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Storm Eunice: Your refund, cancellation and compensation rights

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18/02/2022
Storm Eunice is causing severe disruption across the country, leading to school closures, cancelled journeys and events, as well as power outages.

The Met Office has issued a rare red weather warning across the South East, including London for the first time, and the South West of England, including Wales.

With winds of up to 100mph expected, severe flood warnings in place and high waves anticipated, the red warning means there’s a threat to life, potential for damage to structures and flying debris is expected.

The storm is set to be the worst to hit in 30 years and as such, people are urged to stay at home and only make journeys where necessary.

Many train services and flights have been cancelled up and down the country. Meanwhile, ferry services have also been suspended.

Below we explain your refund, cancellation and compensation rights when it comes to travel, insurance and events:

Rail travel

National Rail is advising passengers not to travel today as the strong wind warning means there’s a high probability of trees and debris being blown on to the tracks.

Many train operators have issued ‘do not travel messages’ and many have suspended routes, including Chiltern Railways, Great Western Railway, Greater Anglia and Southeastern.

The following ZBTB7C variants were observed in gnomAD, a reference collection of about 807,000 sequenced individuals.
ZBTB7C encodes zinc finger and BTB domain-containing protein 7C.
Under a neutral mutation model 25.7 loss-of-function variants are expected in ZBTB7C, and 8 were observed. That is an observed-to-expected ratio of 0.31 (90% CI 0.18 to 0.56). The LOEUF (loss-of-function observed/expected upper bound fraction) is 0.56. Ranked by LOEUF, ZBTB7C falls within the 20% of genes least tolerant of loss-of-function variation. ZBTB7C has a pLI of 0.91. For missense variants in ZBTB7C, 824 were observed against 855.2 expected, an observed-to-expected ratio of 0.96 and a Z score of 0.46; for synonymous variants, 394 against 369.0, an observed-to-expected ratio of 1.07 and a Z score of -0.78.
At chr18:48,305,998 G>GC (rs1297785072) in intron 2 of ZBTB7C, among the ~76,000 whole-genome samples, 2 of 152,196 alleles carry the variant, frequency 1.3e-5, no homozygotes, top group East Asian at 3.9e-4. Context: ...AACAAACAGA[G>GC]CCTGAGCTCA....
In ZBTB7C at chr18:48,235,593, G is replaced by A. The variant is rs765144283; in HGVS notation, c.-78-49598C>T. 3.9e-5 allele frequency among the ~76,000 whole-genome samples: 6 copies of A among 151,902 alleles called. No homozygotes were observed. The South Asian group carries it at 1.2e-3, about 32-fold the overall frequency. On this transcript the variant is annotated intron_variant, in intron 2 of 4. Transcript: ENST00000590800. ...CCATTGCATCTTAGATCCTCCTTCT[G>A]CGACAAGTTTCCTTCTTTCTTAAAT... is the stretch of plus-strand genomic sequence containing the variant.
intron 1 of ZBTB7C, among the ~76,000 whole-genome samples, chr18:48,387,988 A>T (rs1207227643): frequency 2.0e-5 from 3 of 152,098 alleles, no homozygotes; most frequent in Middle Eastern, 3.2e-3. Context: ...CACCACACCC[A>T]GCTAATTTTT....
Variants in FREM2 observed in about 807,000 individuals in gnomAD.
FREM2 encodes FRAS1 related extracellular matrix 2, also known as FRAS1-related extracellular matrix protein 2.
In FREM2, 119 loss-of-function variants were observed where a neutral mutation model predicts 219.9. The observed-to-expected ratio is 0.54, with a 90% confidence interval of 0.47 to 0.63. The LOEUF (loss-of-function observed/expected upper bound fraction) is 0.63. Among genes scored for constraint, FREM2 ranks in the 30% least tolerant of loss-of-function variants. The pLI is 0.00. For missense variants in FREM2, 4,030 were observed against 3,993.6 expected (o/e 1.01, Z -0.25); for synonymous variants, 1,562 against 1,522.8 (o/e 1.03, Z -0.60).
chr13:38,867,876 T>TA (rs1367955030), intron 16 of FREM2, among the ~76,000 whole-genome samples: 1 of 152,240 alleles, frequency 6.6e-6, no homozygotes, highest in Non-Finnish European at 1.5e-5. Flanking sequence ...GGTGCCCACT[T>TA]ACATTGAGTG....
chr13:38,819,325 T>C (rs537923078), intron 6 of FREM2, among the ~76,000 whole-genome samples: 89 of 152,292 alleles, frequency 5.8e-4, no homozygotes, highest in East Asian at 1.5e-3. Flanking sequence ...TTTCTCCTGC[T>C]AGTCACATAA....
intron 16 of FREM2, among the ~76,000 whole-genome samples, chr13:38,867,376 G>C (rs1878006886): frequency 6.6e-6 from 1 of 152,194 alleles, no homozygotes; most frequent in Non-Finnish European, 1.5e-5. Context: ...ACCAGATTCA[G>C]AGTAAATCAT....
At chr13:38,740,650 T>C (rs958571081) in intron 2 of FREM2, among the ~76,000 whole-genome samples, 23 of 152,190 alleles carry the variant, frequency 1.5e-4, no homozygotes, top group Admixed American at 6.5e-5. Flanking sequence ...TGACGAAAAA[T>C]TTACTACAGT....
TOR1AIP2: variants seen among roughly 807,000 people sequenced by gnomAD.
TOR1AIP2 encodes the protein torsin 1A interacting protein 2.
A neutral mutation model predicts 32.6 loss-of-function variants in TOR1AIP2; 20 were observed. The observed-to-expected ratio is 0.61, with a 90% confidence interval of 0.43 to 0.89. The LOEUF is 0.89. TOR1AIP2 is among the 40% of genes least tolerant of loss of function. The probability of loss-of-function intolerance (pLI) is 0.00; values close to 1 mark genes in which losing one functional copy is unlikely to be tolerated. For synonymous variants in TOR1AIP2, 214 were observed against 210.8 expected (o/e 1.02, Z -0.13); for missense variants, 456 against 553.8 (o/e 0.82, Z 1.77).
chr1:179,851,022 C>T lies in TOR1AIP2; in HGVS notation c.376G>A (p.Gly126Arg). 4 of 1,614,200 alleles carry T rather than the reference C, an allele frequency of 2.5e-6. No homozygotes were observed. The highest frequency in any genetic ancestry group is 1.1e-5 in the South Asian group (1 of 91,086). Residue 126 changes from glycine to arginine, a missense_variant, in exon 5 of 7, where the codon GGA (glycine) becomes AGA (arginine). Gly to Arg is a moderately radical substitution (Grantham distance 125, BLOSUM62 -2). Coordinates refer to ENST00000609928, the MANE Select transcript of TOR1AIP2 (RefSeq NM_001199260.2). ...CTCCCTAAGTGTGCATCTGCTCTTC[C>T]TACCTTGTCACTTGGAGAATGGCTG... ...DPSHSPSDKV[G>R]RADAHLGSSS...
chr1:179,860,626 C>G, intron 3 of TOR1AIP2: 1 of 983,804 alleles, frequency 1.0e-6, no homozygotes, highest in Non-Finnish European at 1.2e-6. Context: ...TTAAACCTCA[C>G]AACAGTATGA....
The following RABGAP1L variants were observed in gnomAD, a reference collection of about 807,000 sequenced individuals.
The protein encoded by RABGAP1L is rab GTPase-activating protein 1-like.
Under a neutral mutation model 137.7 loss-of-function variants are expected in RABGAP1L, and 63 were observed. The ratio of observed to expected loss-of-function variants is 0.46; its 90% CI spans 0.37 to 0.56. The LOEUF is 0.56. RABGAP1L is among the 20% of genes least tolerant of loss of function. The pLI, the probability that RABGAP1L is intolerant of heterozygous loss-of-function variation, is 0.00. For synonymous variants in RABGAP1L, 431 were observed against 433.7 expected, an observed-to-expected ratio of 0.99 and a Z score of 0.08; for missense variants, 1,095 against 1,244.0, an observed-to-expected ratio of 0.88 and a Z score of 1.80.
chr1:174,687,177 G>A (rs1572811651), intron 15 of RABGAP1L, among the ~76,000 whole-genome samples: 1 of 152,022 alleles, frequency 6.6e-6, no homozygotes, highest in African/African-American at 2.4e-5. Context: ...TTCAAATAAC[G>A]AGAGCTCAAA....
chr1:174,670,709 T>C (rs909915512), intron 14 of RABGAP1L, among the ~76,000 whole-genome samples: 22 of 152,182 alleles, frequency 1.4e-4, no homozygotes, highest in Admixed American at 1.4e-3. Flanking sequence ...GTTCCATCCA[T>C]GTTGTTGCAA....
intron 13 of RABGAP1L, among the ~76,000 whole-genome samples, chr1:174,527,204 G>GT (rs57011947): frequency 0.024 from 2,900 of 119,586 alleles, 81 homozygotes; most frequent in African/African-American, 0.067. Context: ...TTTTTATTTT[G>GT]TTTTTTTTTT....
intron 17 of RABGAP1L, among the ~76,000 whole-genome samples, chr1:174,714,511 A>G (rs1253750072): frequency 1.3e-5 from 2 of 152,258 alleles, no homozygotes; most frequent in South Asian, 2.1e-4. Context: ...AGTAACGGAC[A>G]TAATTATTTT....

Others such as Great Northern, Southern and Thameslink have reported ‘major disruption’ to their networks. Replacement services are also not running.

Given the advice to stay at home and for passengers to abandon their journeys, tickets bought for today can be used on Saturday 19, Sunday 20 or Monday 21 February. Otherwise, passengers can apply for a refund.

National Rail said for passengers who choose not to travel, season ticket holders can claim delay repay by selecting ‘abandoned journey’ and they will then be compensated to the value of a daily return journey rate. Other ticket holders will also be able to claim a refund.

For train journeys that are still taking place, they’re likely to be much slower as trains will be limited to 50mph on the tracks. For those who travel and are delayed, they may be entitled to delay repay compensation if delayed by 15 minutes or more, depending on the service. Keep your train ticket and make a note of your journey as this information will be needed to make a claim

Travel advice is being added to each train operator’s page – see the National Rail Enquiries real-time Journey Planner which is updated as train operators confirm their service.

In London, ticket holders may be able to use other services if rail journeys can’t be completed, at no extra cost: London Underground, Docklands Light Railway and London buses.

In Wales, all train and bus journeys have been cancelled today. Tickets can be used for travel until Monday 21 February.

See YourMoney.com’s Delay repay compensation guide for more information.

Flights